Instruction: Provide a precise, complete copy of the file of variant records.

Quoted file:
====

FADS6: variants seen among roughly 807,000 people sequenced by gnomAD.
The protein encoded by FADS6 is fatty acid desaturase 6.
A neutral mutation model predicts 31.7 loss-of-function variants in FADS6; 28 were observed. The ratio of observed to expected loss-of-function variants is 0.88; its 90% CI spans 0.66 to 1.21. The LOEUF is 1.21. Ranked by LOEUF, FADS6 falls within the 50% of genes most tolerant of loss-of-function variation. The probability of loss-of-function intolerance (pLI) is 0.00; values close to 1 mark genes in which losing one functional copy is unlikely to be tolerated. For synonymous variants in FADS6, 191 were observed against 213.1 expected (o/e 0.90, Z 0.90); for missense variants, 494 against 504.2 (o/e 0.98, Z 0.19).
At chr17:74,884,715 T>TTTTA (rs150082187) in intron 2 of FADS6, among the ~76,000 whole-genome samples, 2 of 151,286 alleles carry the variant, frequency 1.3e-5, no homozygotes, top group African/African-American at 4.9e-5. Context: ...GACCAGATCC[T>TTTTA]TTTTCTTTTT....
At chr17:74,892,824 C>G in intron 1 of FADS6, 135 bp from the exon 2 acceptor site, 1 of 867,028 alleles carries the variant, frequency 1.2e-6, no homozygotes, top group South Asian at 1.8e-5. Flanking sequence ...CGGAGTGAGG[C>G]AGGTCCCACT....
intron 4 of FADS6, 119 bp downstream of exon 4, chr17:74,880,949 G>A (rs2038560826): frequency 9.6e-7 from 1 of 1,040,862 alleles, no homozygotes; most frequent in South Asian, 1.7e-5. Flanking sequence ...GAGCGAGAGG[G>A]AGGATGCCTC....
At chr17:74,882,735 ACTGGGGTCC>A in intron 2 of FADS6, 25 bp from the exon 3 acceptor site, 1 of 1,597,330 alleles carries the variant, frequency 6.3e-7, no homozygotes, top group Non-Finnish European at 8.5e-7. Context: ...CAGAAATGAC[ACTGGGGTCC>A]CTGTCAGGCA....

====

FADS6: variants seen among roughly 807,000 people sequenced by gnomAD.
The protein encoded by FADS6 is fatty acid desaturase 6.
A neutral mutation model predicts 31.7 loss-of-function variants in FADS6; 28 were observed. The ratio of observed to expected loss-of-function variants is 0.88; its 90% CI spans 0.66 to 1.21. The LOEUF is 1.21. Ranked by LOEUF, FADS6 falls within the 50% of genes most tolerant of loss-of-function variation. The probability of loss-of-function intolerance (pLI) is 0.00; values close to 1 mark genes in which losing one functional copy is unlikely to be tolerated. For synonymous variants in FADS6, 191 were observed against 213.1 expected (o/e 0.90, Z 0.90); for missense variants, 494 against 504.2 (o/e 0.98, Z 0.19).
At chr17:74,884,715 T>TTTTA (rs150082187) in intron 2 of FADS6, among the ~76,000 whole-genome samples, 2 of 151,286 alleles carry the variant, frequency 1.3e-5, no homozygotes, top group African/African-American at 4.9e-5. Context: ...GACCAGATCC[T>TTTTA]TTTTCTTTTT....
At chr17:74,892,824 C>G in intron 1 of FADS6, 135 bp from the exon 2 acceptor site, 1 of 867,028 alleles carries the variant, frequency 1.2e-6, no homozygotes, top group South Asian at 1.8e-5. Flanking sequence ...CGGAGTGAGG[C>G]AGGTCCCACT....
intron 4 of FADS6, 119 bp downstream of exon 4, chr17:74,880,949 G>A (rs2038560826): frequency 9.6e-7 from 1 of 1,040,862 alleles, no homozygotes; most frequent in South Asian, 1.7e-5. Flanking sequence ...GAGCGAGAGG[G>A]AGGATGCCTC....
At chr17:74,882,735 ACTGGGGTCC>A in intron 2 of FADS6, 25 bp from the exon 3 acceptor site, 1 of 1,597,330 alleles carries the variant, frequency 6.3e-7, no homozygotes, top group Non-Finnish European at 8.5e-7. Context: ...CAGAAATGAC[ACTGGGGTCC>A]CTGTCAGGCA....